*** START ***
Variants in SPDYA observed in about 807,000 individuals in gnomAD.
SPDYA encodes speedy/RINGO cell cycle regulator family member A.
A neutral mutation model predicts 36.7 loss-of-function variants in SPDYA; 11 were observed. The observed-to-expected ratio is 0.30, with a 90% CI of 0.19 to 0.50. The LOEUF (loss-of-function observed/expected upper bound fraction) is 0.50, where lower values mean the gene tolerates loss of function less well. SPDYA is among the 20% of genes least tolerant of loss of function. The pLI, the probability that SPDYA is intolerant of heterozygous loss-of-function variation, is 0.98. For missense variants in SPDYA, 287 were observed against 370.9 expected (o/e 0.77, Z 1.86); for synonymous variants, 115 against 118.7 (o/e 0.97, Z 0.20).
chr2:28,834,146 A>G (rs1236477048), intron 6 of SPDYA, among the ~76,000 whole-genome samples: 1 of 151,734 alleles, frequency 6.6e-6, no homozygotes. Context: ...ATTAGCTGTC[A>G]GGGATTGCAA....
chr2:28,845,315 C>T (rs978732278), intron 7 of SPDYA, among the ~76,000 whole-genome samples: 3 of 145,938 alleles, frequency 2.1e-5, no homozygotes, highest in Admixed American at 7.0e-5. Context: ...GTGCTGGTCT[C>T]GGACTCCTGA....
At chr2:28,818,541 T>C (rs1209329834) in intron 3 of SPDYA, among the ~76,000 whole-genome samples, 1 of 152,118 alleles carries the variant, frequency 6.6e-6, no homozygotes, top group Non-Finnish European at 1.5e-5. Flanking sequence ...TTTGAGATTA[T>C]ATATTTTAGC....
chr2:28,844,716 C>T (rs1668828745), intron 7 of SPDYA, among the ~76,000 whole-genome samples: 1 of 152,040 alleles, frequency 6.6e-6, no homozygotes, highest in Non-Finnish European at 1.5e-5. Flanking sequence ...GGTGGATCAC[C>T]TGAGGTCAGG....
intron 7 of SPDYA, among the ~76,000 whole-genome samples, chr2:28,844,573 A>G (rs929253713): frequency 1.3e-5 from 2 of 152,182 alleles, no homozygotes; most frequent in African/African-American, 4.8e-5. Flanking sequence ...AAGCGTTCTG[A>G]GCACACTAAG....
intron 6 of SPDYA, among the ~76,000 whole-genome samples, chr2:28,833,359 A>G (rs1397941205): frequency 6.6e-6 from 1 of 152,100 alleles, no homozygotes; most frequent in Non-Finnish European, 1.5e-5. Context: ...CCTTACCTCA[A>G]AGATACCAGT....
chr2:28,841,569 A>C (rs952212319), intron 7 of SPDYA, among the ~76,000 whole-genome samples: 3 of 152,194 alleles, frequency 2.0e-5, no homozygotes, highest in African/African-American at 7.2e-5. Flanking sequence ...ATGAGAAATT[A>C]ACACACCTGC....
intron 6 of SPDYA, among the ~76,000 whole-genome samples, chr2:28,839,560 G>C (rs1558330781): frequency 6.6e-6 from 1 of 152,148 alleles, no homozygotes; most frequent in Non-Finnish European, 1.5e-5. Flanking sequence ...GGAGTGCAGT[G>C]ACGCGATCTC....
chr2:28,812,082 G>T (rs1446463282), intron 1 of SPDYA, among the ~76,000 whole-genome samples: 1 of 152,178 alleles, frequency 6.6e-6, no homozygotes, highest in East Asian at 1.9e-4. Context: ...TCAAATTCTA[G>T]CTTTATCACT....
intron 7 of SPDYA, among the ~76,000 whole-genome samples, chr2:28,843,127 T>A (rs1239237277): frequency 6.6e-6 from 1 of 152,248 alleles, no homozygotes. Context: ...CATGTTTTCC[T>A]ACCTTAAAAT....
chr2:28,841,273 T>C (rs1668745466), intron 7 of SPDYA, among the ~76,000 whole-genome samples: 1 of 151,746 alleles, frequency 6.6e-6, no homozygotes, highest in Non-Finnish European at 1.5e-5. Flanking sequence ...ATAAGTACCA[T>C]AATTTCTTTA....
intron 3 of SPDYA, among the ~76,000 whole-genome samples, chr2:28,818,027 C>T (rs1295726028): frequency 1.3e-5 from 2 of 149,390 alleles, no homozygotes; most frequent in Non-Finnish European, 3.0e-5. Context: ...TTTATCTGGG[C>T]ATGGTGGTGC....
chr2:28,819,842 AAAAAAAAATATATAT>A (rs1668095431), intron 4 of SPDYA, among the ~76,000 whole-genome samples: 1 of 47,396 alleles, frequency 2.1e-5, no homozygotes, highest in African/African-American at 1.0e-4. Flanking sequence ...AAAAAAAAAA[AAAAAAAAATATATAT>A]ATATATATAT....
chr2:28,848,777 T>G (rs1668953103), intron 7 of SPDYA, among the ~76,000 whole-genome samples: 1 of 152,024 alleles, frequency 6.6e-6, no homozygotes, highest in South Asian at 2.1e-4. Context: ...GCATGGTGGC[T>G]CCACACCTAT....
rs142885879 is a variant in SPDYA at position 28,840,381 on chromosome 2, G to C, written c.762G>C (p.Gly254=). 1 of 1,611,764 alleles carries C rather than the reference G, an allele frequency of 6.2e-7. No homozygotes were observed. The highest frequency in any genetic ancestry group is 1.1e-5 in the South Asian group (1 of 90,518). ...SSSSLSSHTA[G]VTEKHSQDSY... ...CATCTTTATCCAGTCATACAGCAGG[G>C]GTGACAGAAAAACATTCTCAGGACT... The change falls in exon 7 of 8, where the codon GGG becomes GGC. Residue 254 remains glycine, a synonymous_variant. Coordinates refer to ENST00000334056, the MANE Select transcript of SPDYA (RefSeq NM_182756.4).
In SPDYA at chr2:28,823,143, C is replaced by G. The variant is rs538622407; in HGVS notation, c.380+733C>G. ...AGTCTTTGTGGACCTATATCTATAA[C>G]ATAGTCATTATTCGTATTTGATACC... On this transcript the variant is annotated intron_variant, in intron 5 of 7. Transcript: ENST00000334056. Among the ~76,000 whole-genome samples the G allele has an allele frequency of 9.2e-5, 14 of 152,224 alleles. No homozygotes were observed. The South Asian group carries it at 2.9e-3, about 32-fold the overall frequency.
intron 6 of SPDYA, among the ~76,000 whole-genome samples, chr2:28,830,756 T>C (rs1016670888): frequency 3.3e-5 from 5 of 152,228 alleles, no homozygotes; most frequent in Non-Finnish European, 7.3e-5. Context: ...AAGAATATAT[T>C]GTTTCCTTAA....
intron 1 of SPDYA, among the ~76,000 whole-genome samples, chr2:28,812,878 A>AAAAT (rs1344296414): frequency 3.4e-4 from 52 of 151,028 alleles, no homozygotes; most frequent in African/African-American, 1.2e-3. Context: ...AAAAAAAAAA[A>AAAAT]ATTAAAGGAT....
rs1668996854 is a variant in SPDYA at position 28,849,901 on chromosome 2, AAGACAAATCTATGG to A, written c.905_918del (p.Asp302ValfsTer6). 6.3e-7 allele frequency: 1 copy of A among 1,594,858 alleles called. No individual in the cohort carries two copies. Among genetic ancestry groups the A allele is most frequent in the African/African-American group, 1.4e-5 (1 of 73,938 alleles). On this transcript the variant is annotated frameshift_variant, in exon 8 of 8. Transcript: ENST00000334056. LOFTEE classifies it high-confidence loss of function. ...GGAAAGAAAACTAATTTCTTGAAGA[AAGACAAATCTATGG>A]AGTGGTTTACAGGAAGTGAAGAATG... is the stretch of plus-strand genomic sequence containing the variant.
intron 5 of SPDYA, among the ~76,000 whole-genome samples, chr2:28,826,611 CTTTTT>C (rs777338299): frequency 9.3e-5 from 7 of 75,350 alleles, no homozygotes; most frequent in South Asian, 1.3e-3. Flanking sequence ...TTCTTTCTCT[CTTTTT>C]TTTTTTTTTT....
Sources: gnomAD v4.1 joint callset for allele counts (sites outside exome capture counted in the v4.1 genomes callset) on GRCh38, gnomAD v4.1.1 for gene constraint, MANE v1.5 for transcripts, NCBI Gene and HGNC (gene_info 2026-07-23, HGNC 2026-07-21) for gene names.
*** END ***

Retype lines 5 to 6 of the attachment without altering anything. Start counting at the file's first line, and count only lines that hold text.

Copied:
chr2:28,845,315 C>T (rs978732278), intron 7 of SPDYA, among the ~76,000 whole-genome samples: 3 of 145,938 alleles, frequency 2.1e-5, no homozygotes, highest in Admixed American at 7.0e-5. Context: ...GTGCTGGTCT[C>T]GGACTCCTGA....
At chr2:28,818,541 T>C (rs1209329834) in intron 3 of SPDYA, among the ~76,000 whole-genome samples, 1 of 152,118 alleles carries the variant, frequency 6.6e-6, no homozygotes, top group Non-Finnish European at 1.5e-5. Flanking sequence ...TTTGAGATTA[T>C]ATATTTTAGC....